On November 14th of last year, my wife and I had the opportunity to visit local artists display their craft as a part of the East Austin Studio Tour. EAST, as it is known, boasts some of the most talented and emergent artists that Austin has to offer. What blew me away about EAST was the ability these artists demonstrated to capture the human experience.
I was looking for a few gifts.
In my family, fall is a time for birthdays. With everyone's birthdays running together, the task of finding something creative for everyone can be cumbersome. That's why I was so excited when I discovered the artwork of Carolina Villarreal.
Nestled into the corner of an indeterminate number of other artists, Carolina's art seemed to capture the visitors who lingered around her work.
Their faces were a study in the complexity of human emotions.
Some revealed nostalgia. Others? Delight. Still others showed excitement, humor, and even some sadness. Drawn by their emotion, I examined Caro's subtle artwork and was similarly captivated by the simple yet complex drawings. One of these stood out among the rest.
What a testament to the hope and the fear that I experience on a daily basis in my office. Couples who sit in the couch across use myriad techniques to make this same sentiment, without saying it directly. I often find that the frustration, defensiveness, justifications, and unhelpful emotions that play out like a drama in front me are all shades of this statement.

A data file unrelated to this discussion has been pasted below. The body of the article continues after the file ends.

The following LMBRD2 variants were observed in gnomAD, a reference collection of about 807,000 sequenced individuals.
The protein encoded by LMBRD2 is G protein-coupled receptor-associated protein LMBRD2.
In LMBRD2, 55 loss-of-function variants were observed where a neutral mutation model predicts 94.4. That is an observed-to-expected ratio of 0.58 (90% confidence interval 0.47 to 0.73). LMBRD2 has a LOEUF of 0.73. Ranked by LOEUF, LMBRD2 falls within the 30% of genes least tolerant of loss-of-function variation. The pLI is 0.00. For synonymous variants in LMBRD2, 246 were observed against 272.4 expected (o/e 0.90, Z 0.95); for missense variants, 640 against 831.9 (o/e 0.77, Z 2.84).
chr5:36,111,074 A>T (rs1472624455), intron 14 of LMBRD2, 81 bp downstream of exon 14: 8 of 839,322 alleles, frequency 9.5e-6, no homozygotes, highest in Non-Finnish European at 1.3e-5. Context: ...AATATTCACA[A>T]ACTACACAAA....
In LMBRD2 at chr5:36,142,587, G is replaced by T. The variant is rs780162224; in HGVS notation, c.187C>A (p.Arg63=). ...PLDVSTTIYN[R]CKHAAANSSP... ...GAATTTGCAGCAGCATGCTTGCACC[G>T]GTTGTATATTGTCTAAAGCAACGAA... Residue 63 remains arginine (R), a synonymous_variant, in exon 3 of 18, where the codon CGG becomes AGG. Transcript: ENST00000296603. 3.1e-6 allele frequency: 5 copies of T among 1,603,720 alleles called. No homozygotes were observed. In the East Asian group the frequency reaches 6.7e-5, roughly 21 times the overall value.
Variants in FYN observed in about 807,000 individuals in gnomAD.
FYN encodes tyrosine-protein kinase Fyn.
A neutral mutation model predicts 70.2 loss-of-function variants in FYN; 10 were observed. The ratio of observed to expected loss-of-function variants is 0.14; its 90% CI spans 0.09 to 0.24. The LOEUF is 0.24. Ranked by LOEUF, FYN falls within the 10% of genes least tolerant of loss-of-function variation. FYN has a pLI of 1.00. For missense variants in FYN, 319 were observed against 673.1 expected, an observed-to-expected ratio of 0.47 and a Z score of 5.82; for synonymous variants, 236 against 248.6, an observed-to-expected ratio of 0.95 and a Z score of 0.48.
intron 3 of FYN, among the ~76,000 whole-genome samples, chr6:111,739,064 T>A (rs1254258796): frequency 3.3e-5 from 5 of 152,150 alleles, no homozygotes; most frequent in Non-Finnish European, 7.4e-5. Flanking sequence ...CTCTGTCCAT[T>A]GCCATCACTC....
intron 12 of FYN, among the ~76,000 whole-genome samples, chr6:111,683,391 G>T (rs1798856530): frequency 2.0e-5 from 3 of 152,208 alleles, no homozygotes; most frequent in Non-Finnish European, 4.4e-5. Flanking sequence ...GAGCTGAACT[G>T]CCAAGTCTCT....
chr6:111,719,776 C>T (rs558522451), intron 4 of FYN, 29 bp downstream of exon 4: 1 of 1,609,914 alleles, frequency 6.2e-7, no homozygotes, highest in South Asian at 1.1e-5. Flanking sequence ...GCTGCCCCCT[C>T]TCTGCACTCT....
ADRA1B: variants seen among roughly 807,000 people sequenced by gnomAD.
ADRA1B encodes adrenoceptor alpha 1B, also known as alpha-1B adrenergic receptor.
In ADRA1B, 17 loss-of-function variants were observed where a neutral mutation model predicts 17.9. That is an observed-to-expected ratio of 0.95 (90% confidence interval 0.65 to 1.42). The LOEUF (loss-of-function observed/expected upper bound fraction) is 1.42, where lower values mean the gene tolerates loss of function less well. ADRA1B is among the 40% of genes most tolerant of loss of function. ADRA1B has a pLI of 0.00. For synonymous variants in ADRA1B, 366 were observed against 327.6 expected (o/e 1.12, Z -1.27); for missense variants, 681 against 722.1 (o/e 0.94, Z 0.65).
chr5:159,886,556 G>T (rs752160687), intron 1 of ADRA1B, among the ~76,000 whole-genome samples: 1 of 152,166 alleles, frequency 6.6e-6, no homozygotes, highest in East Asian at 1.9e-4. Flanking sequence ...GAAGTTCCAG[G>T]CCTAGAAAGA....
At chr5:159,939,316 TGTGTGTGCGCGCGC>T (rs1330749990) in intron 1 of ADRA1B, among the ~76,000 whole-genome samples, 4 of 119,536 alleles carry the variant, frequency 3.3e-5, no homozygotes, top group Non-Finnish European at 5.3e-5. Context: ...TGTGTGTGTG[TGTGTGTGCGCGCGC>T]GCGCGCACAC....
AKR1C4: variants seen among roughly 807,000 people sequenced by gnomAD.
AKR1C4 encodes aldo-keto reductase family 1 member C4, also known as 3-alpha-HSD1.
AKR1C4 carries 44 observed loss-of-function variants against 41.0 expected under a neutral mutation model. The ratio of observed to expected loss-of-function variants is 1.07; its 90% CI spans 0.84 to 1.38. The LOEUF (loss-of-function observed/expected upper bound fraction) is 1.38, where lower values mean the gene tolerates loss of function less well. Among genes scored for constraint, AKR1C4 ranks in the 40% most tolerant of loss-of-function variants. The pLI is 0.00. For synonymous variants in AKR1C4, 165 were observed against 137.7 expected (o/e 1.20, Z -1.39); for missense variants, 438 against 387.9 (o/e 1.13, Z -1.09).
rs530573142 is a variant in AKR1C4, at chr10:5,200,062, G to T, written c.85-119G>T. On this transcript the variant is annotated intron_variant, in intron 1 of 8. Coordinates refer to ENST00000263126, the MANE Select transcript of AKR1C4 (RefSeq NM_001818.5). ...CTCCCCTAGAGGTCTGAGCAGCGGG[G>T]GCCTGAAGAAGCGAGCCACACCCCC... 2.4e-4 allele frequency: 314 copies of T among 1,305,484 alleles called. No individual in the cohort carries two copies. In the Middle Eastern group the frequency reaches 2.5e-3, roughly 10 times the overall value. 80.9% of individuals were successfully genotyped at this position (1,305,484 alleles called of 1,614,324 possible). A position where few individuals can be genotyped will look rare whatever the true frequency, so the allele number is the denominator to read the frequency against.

Sometimes I'll ask couples, "What prevented you just from asking him to hug you?" or "Why didn't you simply ask her if she wanted to have sex?" The simplest answer seems so difficult. We were scared. What we truly want is for our spouse or partner to know exactly how to love us, without having to ask for it. This is why it hurts when you think your husband knows you are sad, yet does nothing.
To be fully loved, we must be fully vulnerable.
We want to love and to be loved.
Yet despite this most basic of human desires, we find so many ways to protect ourselves from the risk it takes to love and be loved authentically. We sit with our backs turned, not fully looking our spouse or partner in the face and murmur, "Just love me already."
I knew it when I saw it.
This little drawing, hiding on the corner, unfinished next to a pile of others that lacked their finishing touches. I knew that the vulnerability and the fear that stood out between this little pen and paper couple was real.
Maybe it is the same for you, and maybe you shouldn't have to go to an art exhibit to find it. It starts with one person's courageous risk to turn back toward each other and simply but authentically say...